what will happen to the world if their is nothing like GPS

Sat, Nov 2019


what will happen to the world if their is nothing like GPS


What would happen if GPS - the Global Positioning System - stopped working? For a start, we would all have to engage our brains and pay attention to the world around us when getting from A to B. Perhaps this would be no bad thing: we'd be less likely to drive into rivers or over cliffs through misplaced trust in our navigation devices.

Pick your own favourite story about the kind of idiocy only GPS can enable. Mine is the Swedish couple who misspelled the Italian island of Capri and turned up hundreds of miles away in Carpi, asking where the sea was. But these are the exceptions.

Devices that use GPS usually stop us getting lost. If it failed, the roads would be clogged with drivers slowing to peer at signs or stopping to consult maps. If your commute involves a train, there'd be no information boards to tell you when to expect the next arrival. Phone for a taxi, and you'd find a harassed operator trying to keep track of her fleet by calling the drivers.

Open the Uber app, and - well, you get the picture. With no GPS, emergency services would start struggling: operators wouldn't be able to locate callers from their phone signal, or identify the nearest ambulance or police car.

aps could appear on supermarket shelves as "just-in-time" logistics systems judder to a halt. Factories could stand idle because their inputs didn't arrive just in time either. Farming, construction, fishing, surveying - these are other industries mentioned by a UK government report that pegs the cost of GPS going down at about $1bn (£820m) a day for the first five days.

If it lasted much longer, we might start worrying about the resilience of a whole load of other systems that might not have occurred to you if you think of GPS as a location service.

It is that, but it's also a time service. It is broadcast on the BBC World Service. You can find more information about the programme's sources and listen to all the episodes online or subscribe to the programme podcast. GPS consists of 24 satellites that all carry clocks synchronised to an extreme degree of precision.

When your smartphone uses GPS to locate you on a map, it's picking up signals from some of those satellites - and it's making calculations based on the time the signal was sent and where the satellite was.

If the clocks on those satellites stray by a thousandth of a second, you'll mislay yourself by 200km or 300km. So if you want incredibly accurate information about the time, GPS is the place to get it. Consider phone networks: your calls share space with others through a technique called multiplexing - data gets time stamped, scrambled up, and unscrambled at the other end.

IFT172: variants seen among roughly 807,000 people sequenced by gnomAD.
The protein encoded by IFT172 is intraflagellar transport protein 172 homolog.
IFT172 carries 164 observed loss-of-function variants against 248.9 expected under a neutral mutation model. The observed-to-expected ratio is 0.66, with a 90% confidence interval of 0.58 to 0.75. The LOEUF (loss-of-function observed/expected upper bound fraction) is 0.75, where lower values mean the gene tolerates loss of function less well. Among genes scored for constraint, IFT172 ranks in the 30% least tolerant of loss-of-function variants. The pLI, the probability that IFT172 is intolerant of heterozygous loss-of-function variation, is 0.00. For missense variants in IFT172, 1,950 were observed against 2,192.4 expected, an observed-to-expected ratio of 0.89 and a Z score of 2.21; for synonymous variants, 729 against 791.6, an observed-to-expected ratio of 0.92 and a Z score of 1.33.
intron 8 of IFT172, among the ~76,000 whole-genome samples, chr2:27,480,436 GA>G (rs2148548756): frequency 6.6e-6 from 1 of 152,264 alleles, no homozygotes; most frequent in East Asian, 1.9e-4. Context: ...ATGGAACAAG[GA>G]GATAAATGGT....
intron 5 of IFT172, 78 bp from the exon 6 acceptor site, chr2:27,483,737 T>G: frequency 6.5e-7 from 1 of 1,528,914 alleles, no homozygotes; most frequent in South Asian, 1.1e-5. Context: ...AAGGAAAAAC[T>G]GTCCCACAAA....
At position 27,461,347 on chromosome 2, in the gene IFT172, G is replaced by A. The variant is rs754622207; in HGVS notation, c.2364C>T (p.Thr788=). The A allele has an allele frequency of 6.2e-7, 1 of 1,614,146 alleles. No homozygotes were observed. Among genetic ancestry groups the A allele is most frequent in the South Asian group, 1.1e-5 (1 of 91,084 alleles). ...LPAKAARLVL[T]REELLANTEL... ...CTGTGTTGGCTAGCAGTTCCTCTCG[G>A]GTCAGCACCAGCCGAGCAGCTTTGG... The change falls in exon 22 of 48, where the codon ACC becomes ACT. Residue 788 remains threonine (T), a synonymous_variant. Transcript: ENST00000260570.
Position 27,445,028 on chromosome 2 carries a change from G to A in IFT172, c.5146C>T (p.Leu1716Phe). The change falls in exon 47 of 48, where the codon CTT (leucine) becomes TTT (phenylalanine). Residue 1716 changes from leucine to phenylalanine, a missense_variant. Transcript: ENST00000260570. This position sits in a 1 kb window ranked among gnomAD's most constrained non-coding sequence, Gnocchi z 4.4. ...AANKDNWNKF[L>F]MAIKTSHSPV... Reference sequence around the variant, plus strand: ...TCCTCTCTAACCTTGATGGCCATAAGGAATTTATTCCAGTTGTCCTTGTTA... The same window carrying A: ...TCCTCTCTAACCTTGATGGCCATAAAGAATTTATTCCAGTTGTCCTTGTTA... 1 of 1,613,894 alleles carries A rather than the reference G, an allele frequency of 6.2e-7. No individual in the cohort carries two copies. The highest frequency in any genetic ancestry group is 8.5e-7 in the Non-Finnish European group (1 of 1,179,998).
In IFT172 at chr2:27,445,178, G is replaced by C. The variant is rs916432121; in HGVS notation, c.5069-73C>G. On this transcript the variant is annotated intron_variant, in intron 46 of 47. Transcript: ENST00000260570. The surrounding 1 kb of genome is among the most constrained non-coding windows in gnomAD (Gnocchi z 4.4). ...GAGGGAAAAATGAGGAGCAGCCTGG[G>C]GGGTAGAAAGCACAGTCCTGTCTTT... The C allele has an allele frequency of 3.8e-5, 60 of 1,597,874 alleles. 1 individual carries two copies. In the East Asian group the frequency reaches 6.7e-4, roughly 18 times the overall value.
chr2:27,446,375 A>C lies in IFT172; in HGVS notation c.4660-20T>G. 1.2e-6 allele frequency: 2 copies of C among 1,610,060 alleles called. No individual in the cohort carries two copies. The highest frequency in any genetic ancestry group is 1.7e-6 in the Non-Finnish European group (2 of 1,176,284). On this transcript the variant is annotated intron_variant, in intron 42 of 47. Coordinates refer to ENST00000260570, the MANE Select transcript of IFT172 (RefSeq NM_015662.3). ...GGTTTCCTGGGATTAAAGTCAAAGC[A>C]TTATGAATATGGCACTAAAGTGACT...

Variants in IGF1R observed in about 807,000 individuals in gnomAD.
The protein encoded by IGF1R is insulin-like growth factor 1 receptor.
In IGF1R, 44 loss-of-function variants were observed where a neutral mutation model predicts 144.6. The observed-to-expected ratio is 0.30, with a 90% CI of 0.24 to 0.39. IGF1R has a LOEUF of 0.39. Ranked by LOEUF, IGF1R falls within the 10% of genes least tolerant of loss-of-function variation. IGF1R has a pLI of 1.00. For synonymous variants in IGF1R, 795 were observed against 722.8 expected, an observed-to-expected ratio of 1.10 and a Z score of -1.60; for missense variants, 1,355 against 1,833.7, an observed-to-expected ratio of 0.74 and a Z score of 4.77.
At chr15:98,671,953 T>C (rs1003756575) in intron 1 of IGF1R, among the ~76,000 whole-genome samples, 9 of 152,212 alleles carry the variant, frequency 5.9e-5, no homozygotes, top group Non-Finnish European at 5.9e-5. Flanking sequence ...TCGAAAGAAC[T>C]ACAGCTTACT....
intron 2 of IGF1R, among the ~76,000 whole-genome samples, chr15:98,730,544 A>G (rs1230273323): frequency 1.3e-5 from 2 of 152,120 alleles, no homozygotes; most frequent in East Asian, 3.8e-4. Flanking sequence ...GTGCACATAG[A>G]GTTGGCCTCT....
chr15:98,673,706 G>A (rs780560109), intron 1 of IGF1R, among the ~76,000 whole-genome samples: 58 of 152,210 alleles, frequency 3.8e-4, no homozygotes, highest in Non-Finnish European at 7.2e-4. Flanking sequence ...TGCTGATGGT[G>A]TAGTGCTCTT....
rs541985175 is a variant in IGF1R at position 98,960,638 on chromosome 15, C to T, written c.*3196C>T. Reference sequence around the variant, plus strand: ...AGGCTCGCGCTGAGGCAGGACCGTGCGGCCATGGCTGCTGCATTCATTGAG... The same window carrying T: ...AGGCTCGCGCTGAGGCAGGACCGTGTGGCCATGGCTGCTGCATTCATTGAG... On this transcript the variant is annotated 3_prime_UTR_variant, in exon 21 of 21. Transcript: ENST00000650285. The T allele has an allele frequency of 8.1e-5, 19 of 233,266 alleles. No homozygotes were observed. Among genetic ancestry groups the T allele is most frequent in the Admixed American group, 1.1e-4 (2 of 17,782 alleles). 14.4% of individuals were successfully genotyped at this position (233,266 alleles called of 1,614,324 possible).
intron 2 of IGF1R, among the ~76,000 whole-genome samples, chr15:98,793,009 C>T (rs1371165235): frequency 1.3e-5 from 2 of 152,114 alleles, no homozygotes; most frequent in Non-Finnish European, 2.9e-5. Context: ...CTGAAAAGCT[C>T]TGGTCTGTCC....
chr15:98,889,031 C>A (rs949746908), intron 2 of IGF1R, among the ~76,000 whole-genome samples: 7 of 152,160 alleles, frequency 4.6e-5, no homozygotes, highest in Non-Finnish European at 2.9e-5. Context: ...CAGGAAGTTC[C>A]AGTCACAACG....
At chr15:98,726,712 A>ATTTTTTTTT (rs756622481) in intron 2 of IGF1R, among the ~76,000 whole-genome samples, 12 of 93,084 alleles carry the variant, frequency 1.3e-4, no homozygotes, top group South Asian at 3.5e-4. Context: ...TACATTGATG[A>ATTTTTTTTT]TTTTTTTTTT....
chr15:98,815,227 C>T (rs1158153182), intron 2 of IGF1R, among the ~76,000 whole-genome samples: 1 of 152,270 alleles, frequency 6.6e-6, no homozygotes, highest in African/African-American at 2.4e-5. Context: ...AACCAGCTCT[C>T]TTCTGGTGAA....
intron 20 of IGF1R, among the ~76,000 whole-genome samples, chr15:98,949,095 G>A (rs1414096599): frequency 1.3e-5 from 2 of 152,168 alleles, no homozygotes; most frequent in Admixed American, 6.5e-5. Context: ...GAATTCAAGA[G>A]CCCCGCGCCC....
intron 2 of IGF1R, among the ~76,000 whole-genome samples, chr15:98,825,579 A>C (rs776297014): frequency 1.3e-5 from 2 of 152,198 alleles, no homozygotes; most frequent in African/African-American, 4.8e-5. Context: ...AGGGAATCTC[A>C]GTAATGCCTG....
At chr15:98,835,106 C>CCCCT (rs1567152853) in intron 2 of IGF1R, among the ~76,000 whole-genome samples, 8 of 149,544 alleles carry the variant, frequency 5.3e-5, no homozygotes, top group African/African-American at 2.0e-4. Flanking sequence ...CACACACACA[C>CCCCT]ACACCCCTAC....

A glitch of just a 100,000th of a second can cause problems. Bank payments, stock markets, power grids, digital television, cloud computing - all depend on different locations agreeing on the time.

If GPS were to fail, how well, and how widely, and for how long would backup systems keep these various shows on the road? The not very reassuring answer is that nobody really seems to know. No wonder GPS is sometimes called the "invisible utility". Trying to put a dollar value on it has become almost impossible.

As the author Greg Milner puts it in Pinpoint: How GPS is Changing Our World, you may as well ask: "How much is oxygen worth to the human respiratory system?" GPS pioneers awarded Queen Elizabeth Prize for Engineering It's a remarkable story for an invention that first won support in the US military because it could help with bombing people - and even it was far from sure it needed it.

One typical response was: "I know where I am, why do I need a damn satellite to tell me where I am?" GPS pioneers Richard Schwartz, Brad Parkinson, James Spilker Jr and Hugo Fruehauf were awarded the Queen Elizabeth Prize for Engineering The first GPS satellite launched in 1978 - but it wasn't until the first Gulf War, in 1990, that the sceptics came around.

As Operation Desert Storm ran into a literal desert storm, with swirling sand reducing visibility to 5m (16ft), GPS let soldiers mark the location of mines, find their way back to water sources, and avoid getting in each other's way.

It was so obviously lifesaving, and the military had so few receivers to go around, soldiers asked their families in America to spend their own money shipping over $1,000 (£820) commercially available devices.

GPS technology was extremely useful for allied soldiers during the Gulf War ground offensive against Kuwait Given the military advantage GPS conferred, you may be wondering why the US armed forces were happy for everyone to use it.

The truth is they weren't but they couldn't do much about it. They tried having the satellites send in effect two signals - an accurate one for their own use, and a degraded, fuzzier one for civilians - but companies found clever ways to tease more focus from the fuzzy signals.

And the economic boost was becoming ever plainer.







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